Kunst en Samenleving by G.W. Dijsselhof


Gerrit Willem Dijsselhof (1866-1924) formed together with Theo Nieuwenhuis en Adolph Lion Cachet the forefront of the Dutch Art Nouveau movement. Although Dijsselhof has designed only a few bookbindings, he was also in this area an example for the others. His most famous work is the book ornamentation for the Dutch translation of Walter Crane’s ‘The Claims of Decorative Art’, wich was published as ‘Kunst en Samenleving’ (Art and Society) in 1893.

Standard for a new Dutch book design
With this innovative work Dijsselhof set the standard for a new Dutch book design. One of his major innovations was that he expressed the materials and construction of the bookbinding in its design. He also reintroduced the woodcut in Dutch book art and made for each chapter a header and closing vignette. The motives for these small works of art are largely derived from the flora and fauna of the Dutch countryside and from Dutch folk art.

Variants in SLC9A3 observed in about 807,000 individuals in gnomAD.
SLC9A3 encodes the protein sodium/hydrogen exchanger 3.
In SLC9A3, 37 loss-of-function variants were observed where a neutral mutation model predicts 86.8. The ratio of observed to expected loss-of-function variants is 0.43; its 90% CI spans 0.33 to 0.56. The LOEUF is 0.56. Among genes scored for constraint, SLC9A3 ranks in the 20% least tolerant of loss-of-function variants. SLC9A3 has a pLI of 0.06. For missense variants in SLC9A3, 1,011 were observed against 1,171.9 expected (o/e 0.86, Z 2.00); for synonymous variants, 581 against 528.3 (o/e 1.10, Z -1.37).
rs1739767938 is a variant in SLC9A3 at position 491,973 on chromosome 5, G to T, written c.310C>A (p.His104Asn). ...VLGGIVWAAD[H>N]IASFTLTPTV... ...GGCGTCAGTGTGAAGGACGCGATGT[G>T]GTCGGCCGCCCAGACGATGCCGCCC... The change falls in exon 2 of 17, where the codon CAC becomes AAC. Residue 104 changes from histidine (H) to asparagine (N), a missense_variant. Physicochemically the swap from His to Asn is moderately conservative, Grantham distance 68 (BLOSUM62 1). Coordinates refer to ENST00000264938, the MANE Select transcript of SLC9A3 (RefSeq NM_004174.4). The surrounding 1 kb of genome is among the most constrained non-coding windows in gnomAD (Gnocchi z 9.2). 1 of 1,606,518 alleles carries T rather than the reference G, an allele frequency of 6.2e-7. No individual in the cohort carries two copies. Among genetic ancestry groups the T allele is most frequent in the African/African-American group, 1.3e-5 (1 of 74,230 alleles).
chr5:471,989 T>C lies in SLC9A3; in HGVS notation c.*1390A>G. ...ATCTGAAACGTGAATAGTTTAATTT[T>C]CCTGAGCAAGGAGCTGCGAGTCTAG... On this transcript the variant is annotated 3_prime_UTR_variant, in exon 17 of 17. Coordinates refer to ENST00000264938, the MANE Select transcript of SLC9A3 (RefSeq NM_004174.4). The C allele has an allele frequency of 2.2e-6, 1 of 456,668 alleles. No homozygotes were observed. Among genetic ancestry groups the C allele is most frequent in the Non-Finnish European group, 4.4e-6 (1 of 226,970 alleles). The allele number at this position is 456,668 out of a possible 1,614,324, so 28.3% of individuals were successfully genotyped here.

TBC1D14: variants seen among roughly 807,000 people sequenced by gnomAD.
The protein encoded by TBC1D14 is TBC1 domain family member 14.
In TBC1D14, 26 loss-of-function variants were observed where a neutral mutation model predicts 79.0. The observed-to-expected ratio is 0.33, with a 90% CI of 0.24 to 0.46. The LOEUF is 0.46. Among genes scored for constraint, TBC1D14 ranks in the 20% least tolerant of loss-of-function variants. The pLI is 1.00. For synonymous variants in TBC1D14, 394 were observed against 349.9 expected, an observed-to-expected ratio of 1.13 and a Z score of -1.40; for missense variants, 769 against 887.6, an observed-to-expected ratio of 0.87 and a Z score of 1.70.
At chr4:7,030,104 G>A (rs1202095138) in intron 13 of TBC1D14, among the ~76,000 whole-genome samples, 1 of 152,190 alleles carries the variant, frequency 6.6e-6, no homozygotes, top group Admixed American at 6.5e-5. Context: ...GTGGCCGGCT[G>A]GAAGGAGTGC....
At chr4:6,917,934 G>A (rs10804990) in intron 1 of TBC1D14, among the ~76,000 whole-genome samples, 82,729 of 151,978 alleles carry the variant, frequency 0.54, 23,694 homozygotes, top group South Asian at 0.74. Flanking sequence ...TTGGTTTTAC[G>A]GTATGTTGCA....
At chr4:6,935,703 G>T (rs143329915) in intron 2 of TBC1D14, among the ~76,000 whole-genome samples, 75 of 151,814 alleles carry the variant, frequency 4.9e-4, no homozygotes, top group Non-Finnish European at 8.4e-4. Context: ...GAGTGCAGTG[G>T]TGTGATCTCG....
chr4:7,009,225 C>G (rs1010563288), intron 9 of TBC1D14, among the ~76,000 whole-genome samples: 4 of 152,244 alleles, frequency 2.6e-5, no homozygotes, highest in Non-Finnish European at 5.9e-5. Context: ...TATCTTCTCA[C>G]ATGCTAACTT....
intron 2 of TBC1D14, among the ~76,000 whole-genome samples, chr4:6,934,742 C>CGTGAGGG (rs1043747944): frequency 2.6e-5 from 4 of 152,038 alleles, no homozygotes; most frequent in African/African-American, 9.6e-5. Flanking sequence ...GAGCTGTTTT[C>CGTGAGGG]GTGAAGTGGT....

For the endpapers Dijsselhof made a large woodcut of a flock of birds. The design is made with a mathematical design system.
Golden lobsters represent the protective function of the bookbinding.
On the back, against the spine of the book, the lobsters are less detailed.
Woodcut with pelicans for the index page.
Dijsselhof problably saw the example for these seahorses in Artis Zoo in Amsterdam.
For the cover of the sewn edition Dijsselhof made a woodcut of stylized leaves. The brown color on and against the spine of the book symbolizes the material of the woodblock. The white lines in between represent the binding threads that hold the book together.
Headpiece with 2 roosters
Headpiece with beetles and flowers
Headpeace with 4 sturgeons


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